But these species could not exist unless the ecology within which these species are part is also fine tuned. The implications of this which are so obvious is that these species can not vary much or else they will destroy the ecology and themselves.

    In other words Darwinian Evolution is impossible.

  2. 2
    Silver Asiatic says:

    Lawrence J. Henderson’s – The Fitness of the Environment
    https://archive.org/details/cu31924003093659

    One of the first books that inspired Michael Denton.

  3. 3
    martin_r says:

    Jerry @1
    let me add to yours

    of course, also Earth’s eco-system had to be designed. Only very naive people (including biologists) can believe that it wasn’t.

    Here is an example, when humans tried to design an ecosystem … it was a disaster …

    Project Biosphere 2

    Biosphere 2 was only used twice for its original intended purposes as a closed-system experiment: once from 1991 to 1993, and the second time from March to September 1994. Both attempts, though heavily publicized, ran into problems including low amounts of food and oxygen, die-offs of many animals and plants included in the experiment (though this was anticipated since the project used a strategy of deliberately “species-packing” anticipating losses as the biomes developed) …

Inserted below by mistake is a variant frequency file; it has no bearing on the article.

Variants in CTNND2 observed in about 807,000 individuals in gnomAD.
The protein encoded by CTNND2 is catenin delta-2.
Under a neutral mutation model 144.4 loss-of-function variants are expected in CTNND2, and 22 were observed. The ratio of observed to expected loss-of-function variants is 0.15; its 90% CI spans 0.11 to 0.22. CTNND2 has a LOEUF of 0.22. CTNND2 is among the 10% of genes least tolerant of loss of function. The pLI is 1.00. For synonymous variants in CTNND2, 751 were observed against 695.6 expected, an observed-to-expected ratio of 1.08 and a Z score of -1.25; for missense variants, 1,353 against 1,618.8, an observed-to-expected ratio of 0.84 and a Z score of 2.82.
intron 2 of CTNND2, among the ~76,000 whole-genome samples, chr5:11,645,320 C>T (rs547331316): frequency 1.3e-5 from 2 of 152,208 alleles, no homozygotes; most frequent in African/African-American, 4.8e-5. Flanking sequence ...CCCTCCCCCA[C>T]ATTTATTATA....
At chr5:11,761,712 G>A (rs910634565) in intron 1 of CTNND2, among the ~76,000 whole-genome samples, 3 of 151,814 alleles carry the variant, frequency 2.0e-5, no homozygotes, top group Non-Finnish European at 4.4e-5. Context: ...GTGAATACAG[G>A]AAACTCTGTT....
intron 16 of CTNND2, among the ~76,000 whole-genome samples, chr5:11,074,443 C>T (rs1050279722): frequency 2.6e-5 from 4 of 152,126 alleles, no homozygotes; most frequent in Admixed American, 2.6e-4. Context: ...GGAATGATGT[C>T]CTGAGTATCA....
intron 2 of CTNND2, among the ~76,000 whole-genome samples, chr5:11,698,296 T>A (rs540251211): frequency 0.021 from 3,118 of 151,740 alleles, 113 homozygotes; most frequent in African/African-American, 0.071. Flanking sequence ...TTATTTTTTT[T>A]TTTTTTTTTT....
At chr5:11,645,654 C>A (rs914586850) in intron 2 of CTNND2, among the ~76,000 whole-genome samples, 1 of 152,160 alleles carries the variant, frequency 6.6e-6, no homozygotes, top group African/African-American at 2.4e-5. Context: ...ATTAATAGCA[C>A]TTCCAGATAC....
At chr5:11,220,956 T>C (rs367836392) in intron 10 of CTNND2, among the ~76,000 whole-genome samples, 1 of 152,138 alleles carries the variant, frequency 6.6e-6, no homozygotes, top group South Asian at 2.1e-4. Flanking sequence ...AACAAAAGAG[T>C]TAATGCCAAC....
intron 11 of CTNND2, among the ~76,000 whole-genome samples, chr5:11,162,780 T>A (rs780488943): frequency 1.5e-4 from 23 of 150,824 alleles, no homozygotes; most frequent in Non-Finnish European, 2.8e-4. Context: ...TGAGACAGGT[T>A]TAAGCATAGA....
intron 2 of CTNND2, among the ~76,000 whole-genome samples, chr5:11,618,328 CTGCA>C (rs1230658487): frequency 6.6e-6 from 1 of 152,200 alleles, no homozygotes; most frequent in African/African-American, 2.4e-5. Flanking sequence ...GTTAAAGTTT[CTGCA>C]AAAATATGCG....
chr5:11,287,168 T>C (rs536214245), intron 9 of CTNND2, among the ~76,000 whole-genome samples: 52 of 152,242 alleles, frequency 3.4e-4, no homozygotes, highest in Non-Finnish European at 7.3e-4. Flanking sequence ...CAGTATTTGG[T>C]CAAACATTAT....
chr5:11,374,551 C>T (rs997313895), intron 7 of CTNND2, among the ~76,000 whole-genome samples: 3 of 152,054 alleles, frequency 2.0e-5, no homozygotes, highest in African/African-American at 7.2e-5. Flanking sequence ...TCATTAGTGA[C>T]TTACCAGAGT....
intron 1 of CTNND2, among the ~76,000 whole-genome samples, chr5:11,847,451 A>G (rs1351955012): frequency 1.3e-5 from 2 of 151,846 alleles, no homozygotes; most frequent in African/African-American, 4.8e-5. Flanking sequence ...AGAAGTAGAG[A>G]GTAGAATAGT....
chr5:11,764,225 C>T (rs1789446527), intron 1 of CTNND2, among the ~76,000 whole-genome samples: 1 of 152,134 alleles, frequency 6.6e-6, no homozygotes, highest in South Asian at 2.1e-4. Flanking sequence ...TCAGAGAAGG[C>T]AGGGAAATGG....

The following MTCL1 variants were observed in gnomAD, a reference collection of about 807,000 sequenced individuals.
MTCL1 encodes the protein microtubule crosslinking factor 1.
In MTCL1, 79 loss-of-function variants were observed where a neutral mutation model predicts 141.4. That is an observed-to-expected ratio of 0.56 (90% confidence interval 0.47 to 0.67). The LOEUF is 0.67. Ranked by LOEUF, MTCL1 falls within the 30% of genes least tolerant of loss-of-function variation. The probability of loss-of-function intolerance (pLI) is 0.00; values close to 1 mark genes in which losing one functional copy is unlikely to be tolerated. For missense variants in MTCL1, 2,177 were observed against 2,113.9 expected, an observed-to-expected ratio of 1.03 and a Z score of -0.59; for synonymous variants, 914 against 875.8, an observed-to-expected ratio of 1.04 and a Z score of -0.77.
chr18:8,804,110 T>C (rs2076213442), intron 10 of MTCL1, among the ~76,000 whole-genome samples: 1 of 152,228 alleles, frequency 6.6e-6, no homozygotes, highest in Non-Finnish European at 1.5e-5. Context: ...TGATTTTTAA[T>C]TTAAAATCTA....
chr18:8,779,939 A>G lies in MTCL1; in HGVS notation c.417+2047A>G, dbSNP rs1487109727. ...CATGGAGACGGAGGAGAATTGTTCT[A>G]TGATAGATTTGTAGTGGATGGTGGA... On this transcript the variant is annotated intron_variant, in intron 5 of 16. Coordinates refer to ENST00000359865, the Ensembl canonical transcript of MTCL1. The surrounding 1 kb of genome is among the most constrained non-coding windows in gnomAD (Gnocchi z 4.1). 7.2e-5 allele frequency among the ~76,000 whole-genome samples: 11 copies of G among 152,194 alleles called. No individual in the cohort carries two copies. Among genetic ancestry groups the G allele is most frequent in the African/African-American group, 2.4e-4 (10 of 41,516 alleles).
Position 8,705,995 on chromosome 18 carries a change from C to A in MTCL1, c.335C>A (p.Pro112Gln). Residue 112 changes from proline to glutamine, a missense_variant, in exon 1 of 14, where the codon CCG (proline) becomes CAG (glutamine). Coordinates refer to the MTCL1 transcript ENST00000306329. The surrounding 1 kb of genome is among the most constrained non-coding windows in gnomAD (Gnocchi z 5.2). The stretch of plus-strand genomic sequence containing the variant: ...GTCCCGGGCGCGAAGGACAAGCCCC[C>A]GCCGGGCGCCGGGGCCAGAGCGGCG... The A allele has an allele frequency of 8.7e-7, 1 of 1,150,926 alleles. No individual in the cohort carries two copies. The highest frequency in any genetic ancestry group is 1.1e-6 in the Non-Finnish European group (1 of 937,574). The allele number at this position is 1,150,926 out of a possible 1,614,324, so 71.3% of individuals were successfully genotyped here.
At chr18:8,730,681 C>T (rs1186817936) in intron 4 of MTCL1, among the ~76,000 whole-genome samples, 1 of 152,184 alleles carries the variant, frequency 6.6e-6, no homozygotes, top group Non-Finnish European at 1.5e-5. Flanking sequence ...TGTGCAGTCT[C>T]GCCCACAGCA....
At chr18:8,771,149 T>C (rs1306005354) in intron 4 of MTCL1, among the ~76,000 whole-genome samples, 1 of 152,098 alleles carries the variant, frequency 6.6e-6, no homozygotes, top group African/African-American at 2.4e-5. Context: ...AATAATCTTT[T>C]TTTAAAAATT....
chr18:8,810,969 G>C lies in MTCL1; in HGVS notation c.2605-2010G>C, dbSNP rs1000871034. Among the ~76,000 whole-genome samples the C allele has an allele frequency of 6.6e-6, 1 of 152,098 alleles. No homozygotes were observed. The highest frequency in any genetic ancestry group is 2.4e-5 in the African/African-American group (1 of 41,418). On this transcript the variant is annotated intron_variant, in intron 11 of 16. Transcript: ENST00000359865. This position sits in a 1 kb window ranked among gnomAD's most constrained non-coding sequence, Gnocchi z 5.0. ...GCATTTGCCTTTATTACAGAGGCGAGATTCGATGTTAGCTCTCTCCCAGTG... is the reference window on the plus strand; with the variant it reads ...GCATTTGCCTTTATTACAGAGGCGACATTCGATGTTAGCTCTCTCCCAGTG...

https://en.wikipedia.org/wiki/Biosphere_2

  4. 4
    martin_r says:

    The Earth’s surface is 71% water, but just 3.5% of it is drinkable.

    yes, it is funny … Darwinian theory of evolution never makes sense …. you know, what happened to all those selection pressures and adaptations and other Darwinian blah blah blah ….. :)))))

  5. 5
    Fred Hickson says:

    …of course, also Earth’s eco-system had to be designed. Only very naive people (including biologists) can believe that it wasn’t.

    There are more than two choices: the universe is designed, the universe isn’t designed, there is another explanation that we haven’t thought of yet. The default in science should be “we don’t know” rather than an explanation unsupported by evidence.

  6. 6
    Fred Hickson says:

    I think the environment designs. When water first condensed on the Earth’s surface over four billion years ago, it would have contained no salt. Sure, minerals must then have dissolved in the seas but it would have taken time. The first marine organisms would not have had the same salinity in their environment that exists today.